The Eighth Day is a particular favorite of yours. Why?

I suspect it was also Wilder’s favorite. He had been working with mixed success on two series of one-act plays, and seemed to have reached an impasse in his career. So he stopped, drove to the desert, and started to re-make himself as a writer. He wanted to return to the novel, and he was after something big, something as grand and expansive as one of the classic nineteenth-century novels he loved. (Even his descriptions of it as a work-in-progress hinted at his ambition. While writing the early chapters about the Ashley family boarding house, he joked to a friend that he was aiming for a cross between Louisa May Alcott and Fyodor Dostoyevsky.) He took his time writing it (it appeared a month before he turned seventy), realizing it would be unlike anything he had attempted before. He took the slimmest thread—a murder mystery—and wove it into a tapestry that spans continents and generations. It is his epic, a summing up of himself, his family, our national experience (as he saw it—a humane version of American exceptionalism), all of it posed in large and often global terms, suggested in part by the then novel ideas of Teilhard de Chardin. Coaltown is another Our Town, nowhere and everywhere.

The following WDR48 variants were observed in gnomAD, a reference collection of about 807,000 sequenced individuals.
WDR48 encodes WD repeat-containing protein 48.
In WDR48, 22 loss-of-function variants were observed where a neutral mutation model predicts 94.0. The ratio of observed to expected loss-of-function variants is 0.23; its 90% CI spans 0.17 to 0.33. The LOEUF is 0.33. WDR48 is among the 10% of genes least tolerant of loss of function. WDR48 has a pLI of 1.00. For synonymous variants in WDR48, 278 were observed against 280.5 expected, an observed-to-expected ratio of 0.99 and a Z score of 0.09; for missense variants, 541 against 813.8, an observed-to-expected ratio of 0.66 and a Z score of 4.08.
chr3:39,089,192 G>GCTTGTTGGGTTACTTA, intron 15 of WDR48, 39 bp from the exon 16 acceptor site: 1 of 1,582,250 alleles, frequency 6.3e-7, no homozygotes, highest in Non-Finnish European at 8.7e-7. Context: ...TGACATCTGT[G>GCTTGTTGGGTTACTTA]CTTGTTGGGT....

By the way, The Eighth Day was also a favorite of John Updike’s. He once wrote of it: “Untidily, self-delightingly, it brims with wonder and wisdom, and aspires to prophecy. We marvel at a novel of such spiritual ambition and benign flamboyance.”

Wilder’s work seems so various. Are there connections between the subjects and themes and literary approaches of these later books and earlier works like Bridge of San Luis Rey and Heaven’s My Destination? With the plays?

I think there are two strong impulses that animate Wilder’s work. In a 1930 letter to a friend who asked about his first three novels, Wilder wrote: “It seems to me that my books are about: What is the worst thing that the world can do to you, and what are the last resources one has to oppose to it?” So, the isolated human in extremis. And there is a contrary impulse as well: the picaresque. From Heaven’s My Destination to Theophilus North, Wilder loved an adventuring hero—let’s call him a minor American version of Don Quixote. To a Freudian, both these impulses might be rooted in Wilder’s difficult childhood, spent constantly on the move and often apart from his family. What both themes have in common is something they share with the author: a profound sense of loneliness.